5 Comments

Summary:

The revelations about the activities of American and British spy agencies are so egregious that even the online ad industry is up in arms. As well they should be — it threatens their livelihood.

Don Draper Mad Men advertising ads marketing sales native advertising

The latest twist in the popcorn-worthy Edward Snowden saga is his revelation that the United States has been spying on European Union institutions, and the Germans in particular. This time his claims came out through Der Spiegel, and the reaction has been swift and potentially severe.

So now we have Germany raising the specter of the Cold War and France warning of the possible collapse of major trade talks between Europe and the U.S. Even though there is almost certainly a lot of hypocrisy flying around — Wikileaks told us in 2011 of tight and questionable intelligence cooperation between the U.S. and both Germany and France — growing European condemnation of online surveillance activities is certain to have some kind of fallout.

As we have previously suggested, this fallout could well manifest itself in Europe’s new data protection regulation, which is currently being formulated. For a flavor of how that formulation has been going, check out this recent post by privacy expert Simon Davies.

Davies had been commissioned by the European Parliament to assess the incoming regulation, and he had been poised to deliver a fairly warm report on the proposals — that is, until he became aware of how heavily they were being watered down. Lobbyists representing U.S. web giants and the online advertising industry were, he said, to blame for the insertion of ridiculous new provisions, such as the classification of direct marketing as a legally protected use of personal data on a par with fraud prevention.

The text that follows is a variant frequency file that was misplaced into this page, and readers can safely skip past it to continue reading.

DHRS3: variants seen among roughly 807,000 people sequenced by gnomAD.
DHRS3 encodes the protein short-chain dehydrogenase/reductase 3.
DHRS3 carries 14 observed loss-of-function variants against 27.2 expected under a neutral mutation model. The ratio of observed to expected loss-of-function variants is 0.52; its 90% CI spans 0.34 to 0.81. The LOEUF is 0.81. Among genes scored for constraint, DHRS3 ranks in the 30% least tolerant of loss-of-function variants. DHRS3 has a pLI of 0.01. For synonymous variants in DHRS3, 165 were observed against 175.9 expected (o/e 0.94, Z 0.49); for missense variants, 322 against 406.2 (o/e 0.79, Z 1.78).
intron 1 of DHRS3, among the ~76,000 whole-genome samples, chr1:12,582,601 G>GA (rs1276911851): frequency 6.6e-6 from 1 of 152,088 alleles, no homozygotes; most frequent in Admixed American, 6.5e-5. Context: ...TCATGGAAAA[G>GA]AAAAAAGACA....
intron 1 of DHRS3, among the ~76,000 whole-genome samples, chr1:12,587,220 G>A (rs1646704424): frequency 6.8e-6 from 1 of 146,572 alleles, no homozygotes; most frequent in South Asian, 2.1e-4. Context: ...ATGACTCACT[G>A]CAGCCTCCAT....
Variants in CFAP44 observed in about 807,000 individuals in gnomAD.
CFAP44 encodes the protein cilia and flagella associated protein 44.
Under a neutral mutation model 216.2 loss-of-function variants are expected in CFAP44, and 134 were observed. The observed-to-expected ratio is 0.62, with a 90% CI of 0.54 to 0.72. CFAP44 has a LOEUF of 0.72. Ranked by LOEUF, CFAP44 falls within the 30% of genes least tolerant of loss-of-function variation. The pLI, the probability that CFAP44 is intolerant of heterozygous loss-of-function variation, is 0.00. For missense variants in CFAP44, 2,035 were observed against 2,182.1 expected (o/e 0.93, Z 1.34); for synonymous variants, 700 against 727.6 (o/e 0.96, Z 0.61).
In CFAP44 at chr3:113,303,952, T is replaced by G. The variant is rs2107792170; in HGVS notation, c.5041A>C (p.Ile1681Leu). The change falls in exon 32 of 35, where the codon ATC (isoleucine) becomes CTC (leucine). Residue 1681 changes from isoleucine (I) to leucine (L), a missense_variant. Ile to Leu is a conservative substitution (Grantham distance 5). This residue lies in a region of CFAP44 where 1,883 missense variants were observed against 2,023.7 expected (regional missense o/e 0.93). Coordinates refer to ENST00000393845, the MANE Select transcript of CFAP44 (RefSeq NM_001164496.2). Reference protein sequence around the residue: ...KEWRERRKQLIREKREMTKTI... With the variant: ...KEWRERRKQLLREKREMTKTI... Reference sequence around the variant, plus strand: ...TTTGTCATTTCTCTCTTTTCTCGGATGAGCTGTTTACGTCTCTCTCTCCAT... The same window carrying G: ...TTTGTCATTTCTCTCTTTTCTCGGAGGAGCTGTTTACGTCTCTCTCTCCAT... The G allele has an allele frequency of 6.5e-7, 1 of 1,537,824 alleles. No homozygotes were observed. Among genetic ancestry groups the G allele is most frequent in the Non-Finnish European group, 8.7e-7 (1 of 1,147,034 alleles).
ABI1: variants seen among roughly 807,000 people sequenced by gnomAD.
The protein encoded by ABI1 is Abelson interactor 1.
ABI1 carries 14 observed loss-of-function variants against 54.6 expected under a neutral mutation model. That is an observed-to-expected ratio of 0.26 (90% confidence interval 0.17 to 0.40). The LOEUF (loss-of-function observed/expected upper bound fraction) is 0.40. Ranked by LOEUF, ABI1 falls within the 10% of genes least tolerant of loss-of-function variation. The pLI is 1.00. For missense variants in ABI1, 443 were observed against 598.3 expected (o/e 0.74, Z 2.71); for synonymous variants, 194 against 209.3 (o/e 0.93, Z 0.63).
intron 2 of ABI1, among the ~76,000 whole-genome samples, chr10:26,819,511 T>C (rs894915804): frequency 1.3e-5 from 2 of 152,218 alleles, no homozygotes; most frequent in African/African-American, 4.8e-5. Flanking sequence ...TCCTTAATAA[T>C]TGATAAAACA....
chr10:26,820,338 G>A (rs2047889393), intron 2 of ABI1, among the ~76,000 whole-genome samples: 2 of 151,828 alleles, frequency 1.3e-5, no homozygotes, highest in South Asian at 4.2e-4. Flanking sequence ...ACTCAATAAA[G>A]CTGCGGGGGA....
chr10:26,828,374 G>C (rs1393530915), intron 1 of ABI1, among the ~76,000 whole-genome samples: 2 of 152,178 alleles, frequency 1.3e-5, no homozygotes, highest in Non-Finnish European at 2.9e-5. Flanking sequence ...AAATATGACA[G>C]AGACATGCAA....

Calling out not only the lobbyists but the members of the European Parliament who did their bidding, Davies decided to scrap his report. He said:

“I cannot bring myself to present a temperate report with measured wording that pretends this is all just normal business. It isn’t normal business, and it should never be normal business in any civilized society. How does one talk in measured tones about such endemic hypocrisy and deception?”

Now, square up that scenario with this marvelous blog post, published on Monday. It oozes outrage at the activities of the NSA and the U.K.’s GCHQ, and argues forcefully that “massive surveillance without passing a democratic and transparent process is simply unacceptable.”

And who wrote that nugget of righteous anger? None other than Kimon Zorbas, CEO of IAB Europe – that’s the Interactive Advertising Bureau to you and me. Yes, the PRISM/Tempora scandal is so egregious that the online ad industry is throwing a hissy fit in defense of privacy.

My favorite part:

“… in the pre-internet age letters were sacrosanct. Intercepting and reading a letter was not such an easy thing for policy makers and secret services to do – they needed a warrant on the basis of laws that were adopted by parliaments.”